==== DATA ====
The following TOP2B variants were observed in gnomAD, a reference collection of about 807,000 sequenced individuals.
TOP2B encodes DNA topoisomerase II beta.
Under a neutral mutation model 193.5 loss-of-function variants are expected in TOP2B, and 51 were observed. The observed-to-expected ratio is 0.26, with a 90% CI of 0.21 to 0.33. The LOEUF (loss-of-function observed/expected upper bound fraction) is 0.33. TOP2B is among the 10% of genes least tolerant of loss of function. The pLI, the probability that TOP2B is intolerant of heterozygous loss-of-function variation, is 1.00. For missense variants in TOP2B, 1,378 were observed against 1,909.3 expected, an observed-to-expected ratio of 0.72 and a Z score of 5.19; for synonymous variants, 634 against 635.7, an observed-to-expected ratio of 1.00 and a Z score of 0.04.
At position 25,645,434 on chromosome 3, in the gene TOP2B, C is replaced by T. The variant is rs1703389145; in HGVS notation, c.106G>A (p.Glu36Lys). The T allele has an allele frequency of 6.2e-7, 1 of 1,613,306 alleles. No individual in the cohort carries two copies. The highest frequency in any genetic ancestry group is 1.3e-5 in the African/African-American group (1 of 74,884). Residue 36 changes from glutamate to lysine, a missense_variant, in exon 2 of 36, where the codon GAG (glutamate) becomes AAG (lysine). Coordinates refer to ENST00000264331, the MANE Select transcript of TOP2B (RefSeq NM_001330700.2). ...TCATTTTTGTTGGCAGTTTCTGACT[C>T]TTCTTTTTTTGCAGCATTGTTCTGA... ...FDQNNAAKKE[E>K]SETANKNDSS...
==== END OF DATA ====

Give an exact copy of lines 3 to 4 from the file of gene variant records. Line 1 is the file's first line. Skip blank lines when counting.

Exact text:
Under a neutral mutation model 193.5 loss-of-function variants are expected in TOP2B, and 51 were observed. The observed-to-expected ratio is 0.26, with a 90% CI of 0.21 to 0.33. The LOEUF (loss-of-function observed/expected upper bound fraction) is 0.33. TOP2B is among the 10% of genes least tolerant of loss of function. The pLI, the probability that TOP2B is intolerant of heterozygous loss-of-function variation, is 1.00. For missense variants in TOP2B, 1,378 were observed against 1,909.3 expected, an observed-to-expected ratio of 0.72 and a Z score of 5.19; for synonymous variants, 634 against 635.7, an observed-to-expected ratio of 1.00 and a Z score of 0.04.
At position 25,645,434 on chromosome 3, in the gene TOP2B, C is replaced by T. The variant is rs1703389145; in HGVS notation, c.106G>A (p.Glu36Lys). The T allele has an allele frequency of 6.2e-7, 1 of 1,613,306 alleles. No individual in the cohort carries two copies. The highest frequency in any genetic ancestry group is 1.3e-5 in the African/African-American group (1 of 74,884). Residue 36 changes from glutamate to lysine, a missense_variant, in exon 2 of 36, where the codon GAG (glutamate) becomes AAG (lysine). Coordinates refer to ENST00000264331, the MANE Select transcript of TOP2B (RefSeq NM_001330700.2). ...TCATTTTTGTTGGCAGTTTCTGACT[C>T]TTCTTTTTTTGCAGCATTGTTCTGA... ...FDQNNAAKKE[E>K]SETANKNDSS...